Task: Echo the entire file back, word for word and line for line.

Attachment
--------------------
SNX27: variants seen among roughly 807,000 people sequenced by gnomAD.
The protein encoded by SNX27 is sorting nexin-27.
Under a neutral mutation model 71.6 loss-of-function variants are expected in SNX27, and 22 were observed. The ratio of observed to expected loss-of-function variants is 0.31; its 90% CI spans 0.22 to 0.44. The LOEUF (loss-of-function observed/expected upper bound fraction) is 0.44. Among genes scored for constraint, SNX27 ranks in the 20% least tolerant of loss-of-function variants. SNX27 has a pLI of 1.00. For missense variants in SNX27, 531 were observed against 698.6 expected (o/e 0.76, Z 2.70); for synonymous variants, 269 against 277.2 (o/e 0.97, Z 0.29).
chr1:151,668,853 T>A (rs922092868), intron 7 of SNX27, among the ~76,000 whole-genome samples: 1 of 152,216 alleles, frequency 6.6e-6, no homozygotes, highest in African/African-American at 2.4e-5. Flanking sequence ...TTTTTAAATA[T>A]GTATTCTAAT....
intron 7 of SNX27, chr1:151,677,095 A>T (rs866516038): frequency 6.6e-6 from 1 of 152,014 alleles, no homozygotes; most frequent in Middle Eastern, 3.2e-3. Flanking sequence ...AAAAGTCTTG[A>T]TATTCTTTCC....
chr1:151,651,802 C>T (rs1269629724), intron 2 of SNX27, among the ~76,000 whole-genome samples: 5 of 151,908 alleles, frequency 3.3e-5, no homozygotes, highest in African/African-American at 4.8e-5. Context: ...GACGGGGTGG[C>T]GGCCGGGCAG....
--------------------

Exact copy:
SNX27: variants seen among roughly 807,000 people sequenced by gnomAD.
The protein encoded by SNX27 is sorting nexin-27.
Under a neutral mutation model 71.6 loss-of-function variants are expected in SNX27, and 22 were observed. The ratio of observed to expected loss-of-function variants is 0.31; its 90% CI spans 0.22 to 0.44. The LOEUF (loss-of-function observed/expected upper bound fraction) is 0.44. Among genes scored for constraint, SNX27 ranks in the 20% least tolerant of loss-of-function variants. SNX27 has a pLI of 1.00. For missense variants in SNX27, 531 were observed against 698.6 expected (o/e 0.76, Z 2.70); for synonymous variants, 269 against 277.2 (o/e 0.97, Z 0.29).
chr1:151,668,853 T>A (rs922092868), intron 7 of SNX27, among the ~76,000 whole-genome samples: 1 of 152,216 alleles, frequency 6.6e-6, no homozygotes, highest in African/African-American at 2.4e-5. Flanking sequence ...TTTTTAAATA[T>A]GTATTCTAAT....
intron 7 of SNX27, chr1:151,677,095 A>T (rs866516038): frequency 6.6e-6 from 1 of 152,014 alleles, no homozygotes; most frequent in Middle Eastern, 3.2e-3. Flanking sequence ...AAAAGTCTTG[A>T]TATTCTTTCC....
chr1:151,651,802 C>T (rs1269629724), intron 2 of SNX27, among the ~76,000 whole-genome samples: 5 of 151,908 alleles, frequency 3.3e-5, no homozygotes, highest in African/African-American at 4.8e-5. Context: ...GACGGGGTGG[C>T]GGCCGGGCAG....